“It was very important to think about what would be your objective, what would be the target, and really start from a clean slate,” RIKEN’s leader told us. “Think about whether your goal would be met by off-the-shelf processors, or you’d really have to invent your own. In our case, it was the latter.”
The Moore’s Law Pitfall
Up until a few years ago, supercomputer operators looked to Moore’s Law to provide a rough estimate (the doubling of compute capacity in new systems every 18 months) of how long they should expect to operate the machines they have before taking the plunge and investing in new ones. Specialists know how much power they’ll need from their machines to solve particular problems, and Moore’s Law projected when machines would become available that could deliver such power, if they didn’t have it at the time.
Earlier this week, during the Supercomputing 2020 conference (this year held online), Berkeley National Labs’ Erich Strohmaier presented a chart clearly depicting the chughole left open by the decline of Moore’s Law. Since the list was first kept in 1994 up until 2013, according to this chart, performance growth among all machines in the Top500 grew in fits and starts, averaging out to 180 percent annually, or 1000x over an 11-year period. The saw-toothed line during this period could be attributed to the famous “tick-tock” cadence of Intel’s innovation agenda. During this phase, Intel tended to represent the lion’s share of CPUs in supercomputers, although there were years when AMD was competitive.
In 2013, said Strohmaier, there was a significant downturn in the global economy, which prompted research institutions to extend their investments in existing systems, postponing their planned replacements by at least two years. At this point, annual growth stumbled to an average of about 140 percent annually, even though the economy was in recovery up until the pandemic.
“After June 2013, all segments in the Top500 basically slowed down to the new growth rates,” said Strohmaier. “Those rates are substantially lower than before. . . If you multiply that out, it now takes about 20 years for an increase of 1000x.”
The pace of commercial HPC owners replacing their systems, already slowed by the previous economic slowdown and the erosion of Moore’s Law, was only deepened by the pandemic, Strohmaier reported. Since 2013, the semi-annual replacement count for commercial systems had stayed roughly the same but plunged below the number of academic systems replaced.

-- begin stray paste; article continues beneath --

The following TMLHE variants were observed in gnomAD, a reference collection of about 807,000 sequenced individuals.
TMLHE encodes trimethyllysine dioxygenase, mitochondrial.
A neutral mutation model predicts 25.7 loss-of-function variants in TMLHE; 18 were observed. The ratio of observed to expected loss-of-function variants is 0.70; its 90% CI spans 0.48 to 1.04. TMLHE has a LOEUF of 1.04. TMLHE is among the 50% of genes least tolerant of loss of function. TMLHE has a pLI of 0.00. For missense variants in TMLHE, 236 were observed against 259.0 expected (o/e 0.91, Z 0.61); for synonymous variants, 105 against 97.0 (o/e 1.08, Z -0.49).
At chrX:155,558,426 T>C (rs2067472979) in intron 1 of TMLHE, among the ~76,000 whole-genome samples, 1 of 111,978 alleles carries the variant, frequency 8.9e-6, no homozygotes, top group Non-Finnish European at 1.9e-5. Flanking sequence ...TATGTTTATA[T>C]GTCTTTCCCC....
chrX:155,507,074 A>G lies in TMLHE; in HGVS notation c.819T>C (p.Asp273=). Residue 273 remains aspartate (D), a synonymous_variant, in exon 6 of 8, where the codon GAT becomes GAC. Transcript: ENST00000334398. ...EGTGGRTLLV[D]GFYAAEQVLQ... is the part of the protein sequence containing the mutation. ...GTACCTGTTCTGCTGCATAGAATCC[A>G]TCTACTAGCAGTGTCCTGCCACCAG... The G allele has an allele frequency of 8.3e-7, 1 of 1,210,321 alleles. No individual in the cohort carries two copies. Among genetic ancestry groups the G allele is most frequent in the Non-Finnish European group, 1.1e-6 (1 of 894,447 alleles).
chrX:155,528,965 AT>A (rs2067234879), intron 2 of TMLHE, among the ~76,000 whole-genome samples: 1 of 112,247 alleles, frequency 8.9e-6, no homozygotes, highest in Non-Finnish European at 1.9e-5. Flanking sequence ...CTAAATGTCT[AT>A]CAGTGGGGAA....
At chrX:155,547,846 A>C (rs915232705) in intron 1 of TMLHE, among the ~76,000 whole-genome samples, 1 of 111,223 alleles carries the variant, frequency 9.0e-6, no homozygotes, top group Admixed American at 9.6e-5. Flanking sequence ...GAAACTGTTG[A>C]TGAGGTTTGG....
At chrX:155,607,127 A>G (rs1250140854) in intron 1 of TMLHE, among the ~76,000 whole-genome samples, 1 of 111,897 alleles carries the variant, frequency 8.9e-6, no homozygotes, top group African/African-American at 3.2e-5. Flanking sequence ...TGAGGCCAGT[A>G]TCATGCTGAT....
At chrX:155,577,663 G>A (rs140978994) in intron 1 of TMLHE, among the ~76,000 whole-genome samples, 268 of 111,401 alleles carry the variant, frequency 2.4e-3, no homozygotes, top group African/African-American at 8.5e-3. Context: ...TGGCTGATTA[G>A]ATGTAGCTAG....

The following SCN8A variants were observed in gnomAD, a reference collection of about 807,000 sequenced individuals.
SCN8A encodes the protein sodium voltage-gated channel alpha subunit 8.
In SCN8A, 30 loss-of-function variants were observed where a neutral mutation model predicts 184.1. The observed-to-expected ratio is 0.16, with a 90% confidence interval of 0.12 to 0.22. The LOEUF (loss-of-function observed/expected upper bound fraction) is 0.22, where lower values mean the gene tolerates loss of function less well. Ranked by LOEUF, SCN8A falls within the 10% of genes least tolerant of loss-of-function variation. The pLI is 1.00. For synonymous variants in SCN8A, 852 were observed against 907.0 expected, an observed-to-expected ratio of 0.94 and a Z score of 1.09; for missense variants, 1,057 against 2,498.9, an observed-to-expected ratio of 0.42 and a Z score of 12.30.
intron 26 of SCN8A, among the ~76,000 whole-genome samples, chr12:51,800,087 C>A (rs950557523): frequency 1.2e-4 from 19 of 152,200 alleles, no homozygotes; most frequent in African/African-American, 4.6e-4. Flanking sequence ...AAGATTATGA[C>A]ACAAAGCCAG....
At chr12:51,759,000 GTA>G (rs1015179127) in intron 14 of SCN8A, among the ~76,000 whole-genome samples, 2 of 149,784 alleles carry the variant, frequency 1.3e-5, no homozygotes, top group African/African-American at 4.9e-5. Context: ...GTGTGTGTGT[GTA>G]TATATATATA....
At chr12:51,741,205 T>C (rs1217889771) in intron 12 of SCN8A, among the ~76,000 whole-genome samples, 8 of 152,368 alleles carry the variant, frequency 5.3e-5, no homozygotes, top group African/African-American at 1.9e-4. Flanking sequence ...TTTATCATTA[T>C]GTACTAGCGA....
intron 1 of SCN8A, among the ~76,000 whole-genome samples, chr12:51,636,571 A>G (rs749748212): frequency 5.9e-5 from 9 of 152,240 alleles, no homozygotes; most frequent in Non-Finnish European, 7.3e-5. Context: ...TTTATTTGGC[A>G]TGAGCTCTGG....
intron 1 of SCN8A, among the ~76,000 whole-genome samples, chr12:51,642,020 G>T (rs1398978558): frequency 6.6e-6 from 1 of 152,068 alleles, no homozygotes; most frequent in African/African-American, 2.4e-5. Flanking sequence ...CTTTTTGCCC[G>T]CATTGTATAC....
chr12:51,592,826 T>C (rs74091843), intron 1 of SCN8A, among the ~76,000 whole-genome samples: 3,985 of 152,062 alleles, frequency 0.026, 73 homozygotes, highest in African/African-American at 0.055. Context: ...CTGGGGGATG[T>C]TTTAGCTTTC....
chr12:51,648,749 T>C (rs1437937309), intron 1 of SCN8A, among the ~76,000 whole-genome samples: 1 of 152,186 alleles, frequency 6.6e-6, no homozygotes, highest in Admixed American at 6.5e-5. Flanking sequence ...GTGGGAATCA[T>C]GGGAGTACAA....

“If anything, in 2020, the number of new systems in research centers has actually slightly increased,” he said. “Business as usual. The research centers have not delayed any purchases or installations in large numbers due to COVID. That has not happened.”
The pandemic may only have served to dampen what was already cooling enthusiasm for high-performance computing among commercial operators, including interest in GPU accelerators and other new architectures. Among the top 50 systems on the list, 17 still do not use accelerators at all. Another one-third use Nvidia-brand GPU accelerators, while the remainder use other types, such as FPGA or Intel Xeon Phi.
Among the top 100 systems on the list, about half of academic and half of commercial systems are powered by Intel’s x86 processors (not AMD’s) without any accelerators at all. It’s astonishing, Strohmaier said, that accelerators haven’t permeated the academic market anywhere near the extent predicted. Of the commercial systems in the top 100, about 80 percent use Nvidia-brand accelerators.
This is resulting not just in a mix of systems across operator classes, but a kind of settling of those classes into their own peculiar profiles.
“Research institutions are much more willing to adopt new technologies, to try out new things, and to go with architectures that are not as common in the market.” For example, IBM Power AC922 systems coupled with Nvidia GPUs (eight of the current Top500 systems), AMD-based systems (24 of 500), and Arm-based systems (three of 500).